This century will see massive shifts in the global population, economies, and power structures.
A lot of the predictions we hear about the future involve a hot, crowded planet, one where we need some serious science to figure out how to feed everyone and control rising global temperatures. The UN’s population forecast of almost 10 billion people by 2050 is widely quoted, and with it has come much conjecture about what such a world will look like. Where will all those people live? What kind of jobs will they have? What will they eat?
But before we invest too much into preparing for an impending population boom, we should consider some factors that, though often overlooked, could have a massive impact on the world’s population 20, 30, and even 80 years from now. A paper published this week in The Lancet explores the impact on population of factors like fertility, mortality, and migration, and details potential deviations from a heavily-populated future Earth.
On top of forecasting the populations of 195 countries, the study looked at age demographics and the impact they could have on national economies and the global power structure.
“Continued global population growth through the century is no longer the most likely trajectory for the world’s population,” said the Institute for Health Metrics and Evaluation (IHME) Director Dr. Christopher Murray, who led the research. “This study provides governments of all countries an opportunity to start rethinking their policies on migration, workforces, and economic development to address the challenges presented by demographic change.”
Here are some of the paper’s key findings, and what they could mean for the future of our countries, economies, and planet.
How many people will there be?
The study predicts that the global population will peak at around 9.7 billion, but not until 2064. By the end of the century in 2100, that number will plummet by almost a billion people, to 8.8 billion.
It’s a pretty huge fluctuation in 35 years’ time, especially barring events that would take out a big chunk of people at once, like world wars, natural disasters, or pandemics. According to the research, though, 23 countries will see their populations shrink by more than half, including Japan, Thailand, Italy, and Spain.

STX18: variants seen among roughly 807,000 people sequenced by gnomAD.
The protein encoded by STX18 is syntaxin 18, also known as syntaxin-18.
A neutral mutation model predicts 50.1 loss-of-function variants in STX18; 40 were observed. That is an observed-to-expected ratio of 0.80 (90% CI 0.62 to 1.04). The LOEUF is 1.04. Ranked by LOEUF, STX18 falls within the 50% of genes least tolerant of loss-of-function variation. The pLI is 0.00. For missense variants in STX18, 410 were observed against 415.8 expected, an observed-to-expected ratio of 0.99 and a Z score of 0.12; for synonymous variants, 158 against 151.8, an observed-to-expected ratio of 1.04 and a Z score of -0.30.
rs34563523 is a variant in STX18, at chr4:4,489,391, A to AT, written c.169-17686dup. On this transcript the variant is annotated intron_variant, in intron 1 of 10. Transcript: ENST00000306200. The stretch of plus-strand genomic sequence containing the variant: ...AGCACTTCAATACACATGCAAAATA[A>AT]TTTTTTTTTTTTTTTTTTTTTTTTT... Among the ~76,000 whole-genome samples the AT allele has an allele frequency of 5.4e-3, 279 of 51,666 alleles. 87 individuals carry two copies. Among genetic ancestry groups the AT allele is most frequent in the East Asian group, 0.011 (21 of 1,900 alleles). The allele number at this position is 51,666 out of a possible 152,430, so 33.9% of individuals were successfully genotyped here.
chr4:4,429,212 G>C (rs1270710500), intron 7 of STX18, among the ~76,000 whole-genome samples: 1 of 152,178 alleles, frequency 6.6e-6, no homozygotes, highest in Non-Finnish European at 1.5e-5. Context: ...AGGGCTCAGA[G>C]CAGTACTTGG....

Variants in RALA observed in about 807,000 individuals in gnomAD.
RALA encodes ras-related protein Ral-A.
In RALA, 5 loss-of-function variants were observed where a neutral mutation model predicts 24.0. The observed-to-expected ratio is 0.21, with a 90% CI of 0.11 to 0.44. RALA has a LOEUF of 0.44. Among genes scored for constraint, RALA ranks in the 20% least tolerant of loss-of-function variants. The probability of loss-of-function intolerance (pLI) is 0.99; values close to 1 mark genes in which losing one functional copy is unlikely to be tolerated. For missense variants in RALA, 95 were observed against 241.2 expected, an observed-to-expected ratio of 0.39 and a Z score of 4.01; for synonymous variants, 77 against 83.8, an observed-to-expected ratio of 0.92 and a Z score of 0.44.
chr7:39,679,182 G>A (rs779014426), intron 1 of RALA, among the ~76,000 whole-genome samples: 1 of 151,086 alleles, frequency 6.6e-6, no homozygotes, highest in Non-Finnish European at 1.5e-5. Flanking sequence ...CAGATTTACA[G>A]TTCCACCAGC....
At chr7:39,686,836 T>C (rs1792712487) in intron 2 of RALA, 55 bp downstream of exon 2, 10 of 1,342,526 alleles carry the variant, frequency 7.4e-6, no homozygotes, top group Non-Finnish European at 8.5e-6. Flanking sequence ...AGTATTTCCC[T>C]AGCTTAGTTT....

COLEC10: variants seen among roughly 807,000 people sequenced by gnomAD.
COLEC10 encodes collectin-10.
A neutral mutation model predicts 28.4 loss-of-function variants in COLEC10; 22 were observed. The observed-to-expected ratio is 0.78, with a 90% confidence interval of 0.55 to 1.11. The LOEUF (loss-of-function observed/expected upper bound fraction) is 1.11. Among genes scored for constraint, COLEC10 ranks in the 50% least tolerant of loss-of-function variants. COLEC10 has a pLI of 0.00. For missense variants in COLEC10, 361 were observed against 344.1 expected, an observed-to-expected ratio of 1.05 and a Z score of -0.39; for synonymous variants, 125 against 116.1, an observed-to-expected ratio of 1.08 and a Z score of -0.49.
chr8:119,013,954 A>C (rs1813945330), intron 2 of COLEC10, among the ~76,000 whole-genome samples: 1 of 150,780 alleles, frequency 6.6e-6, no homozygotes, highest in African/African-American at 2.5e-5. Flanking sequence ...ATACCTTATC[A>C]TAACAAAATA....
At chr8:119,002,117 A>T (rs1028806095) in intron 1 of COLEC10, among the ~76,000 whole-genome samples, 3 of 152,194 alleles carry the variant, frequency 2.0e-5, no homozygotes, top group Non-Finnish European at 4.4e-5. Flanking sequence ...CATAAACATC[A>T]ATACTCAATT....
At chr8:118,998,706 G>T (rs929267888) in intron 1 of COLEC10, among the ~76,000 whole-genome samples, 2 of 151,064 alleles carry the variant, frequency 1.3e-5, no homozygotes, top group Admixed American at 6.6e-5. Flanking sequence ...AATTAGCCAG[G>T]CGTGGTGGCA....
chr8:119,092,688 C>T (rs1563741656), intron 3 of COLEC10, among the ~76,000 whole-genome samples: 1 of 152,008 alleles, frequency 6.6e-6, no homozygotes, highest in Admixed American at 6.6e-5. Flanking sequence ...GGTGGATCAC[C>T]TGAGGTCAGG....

The US would reach its projected peak of 364 million people in 2062, then fall to 336 million by 2100. This would make the US the world’s fourth most populous country after India, Nigeria, and China, in that order, followed by Pakistan in fifth place. China’s population is expected to shrink to 732 million by 2100, while Nigeria’s is set to explode, more than tripling from its current 206 million to 791 million by 2100. Sub-Saharan Africa’s total population is also forecast to triple, reaching 3.07 billion by 2100.
How will the global economy change?
The percentage of a country’s population that’s of working age—defined by the OECD as 15 to 64—has a significant impact on its economy. It’s part of why China was able to spur such a massive change in its GDP and poverty rates in just 30 years; high birth rates before the country’s one-child policy meant the opening of China’s economy coincided perfectly with a huge working-age population. It’s also why Japan’s aging population could be called a “demographic time bomb.”
The IHME study predicts major shifts in the global age structure, with far more old than young people by 2100; it estimates there’ll be 2.37 billion people over 65 and only 1.7 billion under 20. Moreover, the countries with the most young people will be those that are currently poorer, and their large working-age populations should accelerate their GDP growth.
IHME Professor Stein Emil Vollset, first author of the paper, said, “Our findings suggest that the decline in the numbers of working-age adults alone will reduce GDP growth rates that could result in major shifts in global economic power by the century’s end.”
At the moment, tensions between China and the West seem to be mounting, with multiple countries recently moving to ban Chinese companies like Huawei and TikTok; meanwhile, China is steadily advancing in technologies like AI and genetic engineering. The US and China are, in a sense, vying for global dominance, and the international leadership vacuum left by the current US administration’s foreign policy isn’t helping.